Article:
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2 Killed, More than 80 Injured in Madagascar Attack

  • Associated Press

A person is treated, at a public hospital in Antananarivo, Madagascar on June 27, 2016, a day after an explosion at a stadium.

A person is treated, at a public hospital in Antananarivo, Madagascar on June 27, 2016, a day after an explosion at a stadium.

A grenade exploded in a stadium in Madagascar, killing two people and injuring more than 80 in what authorities describe as a terrorist attack, authorities said Monday.

The attack happened late Sunday in the Mahamasina stadium, where people had gathered for parades and other festivities marking the country's 1960 independence from France.

Some 84 people were wounded in the attack, reported L'Express de Madagascar. A photograph posted on the website of Madagascar's presidential office showed two youths lying on stretchers, with blood stains visible on the floor nearby.

Madagascar's president, Henry Rajaonarimampianina, visited some of the wounded in a hospital and expressed his condolences to the families of the dead. The government promised tough action against those it accuses of using violence for "political reasons.''

Mahamasina Municipal Stadium, Antananarivo, Madagascar

Mahamasina Municipal Stadium, Antananarivo, Madagascar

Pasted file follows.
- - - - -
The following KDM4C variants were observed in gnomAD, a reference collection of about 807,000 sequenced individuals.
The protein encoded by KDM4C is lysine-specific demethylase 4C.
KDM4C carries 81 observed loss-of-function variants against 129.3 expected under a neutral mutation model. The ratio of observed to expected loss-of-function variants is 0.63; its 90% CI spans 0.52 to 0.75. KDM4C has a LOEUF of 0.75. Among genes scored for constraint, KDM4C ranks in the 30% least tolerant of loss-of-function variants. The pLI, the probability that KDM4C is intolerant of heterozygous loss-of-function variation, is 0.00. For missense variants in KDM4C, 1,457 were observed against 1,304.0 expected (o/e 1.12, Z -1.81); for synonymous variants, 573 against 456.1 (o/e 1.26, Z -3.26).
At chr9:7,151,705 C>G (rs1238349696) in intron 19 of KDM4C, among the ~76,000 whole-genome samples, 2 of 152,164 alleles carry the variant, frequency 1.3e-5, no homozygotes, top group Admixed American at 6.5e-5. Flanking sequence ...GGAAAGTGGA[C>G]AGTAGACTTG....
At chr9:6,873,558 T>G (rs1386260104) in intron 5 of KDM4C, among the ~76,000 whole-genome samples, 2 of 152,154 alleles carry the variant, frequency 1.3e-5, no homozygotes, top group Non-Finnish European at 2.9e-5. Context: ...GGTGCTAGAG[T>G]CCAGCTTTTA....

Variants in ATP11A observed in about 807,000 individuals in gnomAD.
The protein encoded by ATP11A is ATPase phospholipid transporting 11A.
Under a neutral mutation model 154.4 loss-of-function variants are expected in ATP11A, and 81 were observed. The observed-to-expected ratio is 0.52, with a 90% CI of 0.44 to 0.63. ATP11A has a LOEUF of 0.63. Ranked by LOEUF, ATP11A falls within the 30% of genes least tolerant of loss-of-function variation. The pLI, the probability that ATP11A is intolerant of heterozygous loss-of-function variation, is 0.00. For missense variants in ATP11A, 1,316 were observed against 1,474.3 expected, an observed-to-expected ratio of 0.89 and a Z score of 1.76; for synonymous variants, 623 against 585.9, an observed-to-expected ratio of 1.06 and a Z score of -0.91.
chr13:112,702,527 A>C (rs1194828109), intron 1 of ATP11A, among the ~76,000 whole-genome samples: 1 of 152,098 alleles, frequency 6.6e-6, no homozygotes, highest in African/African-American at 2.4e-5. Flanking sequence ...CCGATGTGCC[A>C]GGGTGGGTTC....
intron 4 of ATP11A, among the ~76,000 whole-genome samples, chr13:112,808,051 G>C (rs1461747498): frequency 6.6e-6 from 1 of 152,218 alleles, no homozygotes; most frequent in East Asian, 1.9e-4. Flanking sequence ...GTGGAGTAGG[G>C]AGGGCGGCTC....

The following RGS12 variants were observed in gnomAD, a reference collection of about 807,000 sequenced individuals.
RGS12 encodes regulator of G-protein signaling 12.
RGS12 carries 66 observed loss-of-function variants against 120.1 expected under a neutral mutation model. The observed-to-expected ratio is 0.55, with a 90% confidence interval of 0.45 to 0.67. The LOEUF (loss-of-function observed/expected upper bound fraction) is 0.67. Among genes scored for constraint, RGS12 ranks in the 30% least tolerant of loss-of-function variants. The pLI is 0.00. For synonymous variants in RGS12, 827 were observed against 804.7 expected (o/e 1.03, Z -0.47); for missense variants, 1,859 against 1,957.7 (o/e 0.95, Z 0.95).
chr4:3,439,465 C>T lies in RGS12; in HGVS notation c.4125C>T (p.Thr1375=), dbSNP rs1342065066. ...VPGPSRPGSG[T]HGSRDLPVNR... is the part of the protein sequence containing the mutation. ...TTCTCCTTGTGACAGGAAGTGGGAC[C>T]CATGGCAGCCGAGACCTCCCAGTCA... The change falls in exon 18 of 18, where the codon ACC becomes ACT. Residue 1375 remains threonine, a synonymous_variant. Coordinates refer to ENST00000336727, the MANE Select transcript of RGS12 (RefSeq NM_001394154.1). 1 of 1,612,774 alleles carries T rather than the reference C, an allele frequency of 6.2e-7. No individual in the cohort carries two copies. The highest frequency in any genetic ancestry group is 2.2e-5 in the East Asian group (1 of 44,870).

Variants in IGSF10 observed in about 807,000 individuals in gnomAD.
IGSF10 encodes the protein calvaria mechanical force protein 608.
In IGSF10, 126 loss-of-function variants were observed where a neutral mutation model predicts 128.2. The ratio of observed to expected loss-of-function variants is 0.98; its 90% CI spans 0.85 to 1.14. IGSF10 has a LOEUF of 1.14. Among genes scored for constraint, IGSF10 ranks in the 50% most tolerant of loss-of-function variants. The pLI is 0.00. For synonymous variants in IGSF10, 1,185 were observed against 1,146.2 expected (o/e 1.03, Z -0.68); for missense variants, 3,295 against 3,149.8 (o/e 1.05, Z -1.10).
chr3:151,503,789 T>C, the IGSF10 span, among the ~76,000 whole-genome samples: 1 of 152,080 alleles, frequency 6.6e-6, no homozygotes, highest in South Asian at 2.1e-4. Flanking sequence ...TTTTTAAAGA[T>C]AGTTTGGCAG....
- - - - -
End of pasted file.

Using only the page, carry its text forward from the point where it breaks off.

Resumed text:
The Madagascar Tribune described the attack as a "nightmare'' and, in an editorial, questioned how an assailant could have smuggled a grenade into the stadium and noted that emergency services were not widely deployed in the area.

Security commanders had addressed the media last week about plans to secure the stadium amid rumors that the celebration might be targeted.

Rajaonarimampianina's election in 2014 came after five years during which Madagascar was led by a regime that seized power in a coup. Despite hopes that his election would bring stability, the president has faced an impeachment attempt in the National Assembly.

The 2009 takeover had prompted international donors to cut aid that accounted for up to 70 percent of the national budget. Investors pulled out of the country. Donors have since resumed direct ties with the government in Madagascar, though the island nation of 23 million off Africa's southeast coast remains one of the poorest in the world.

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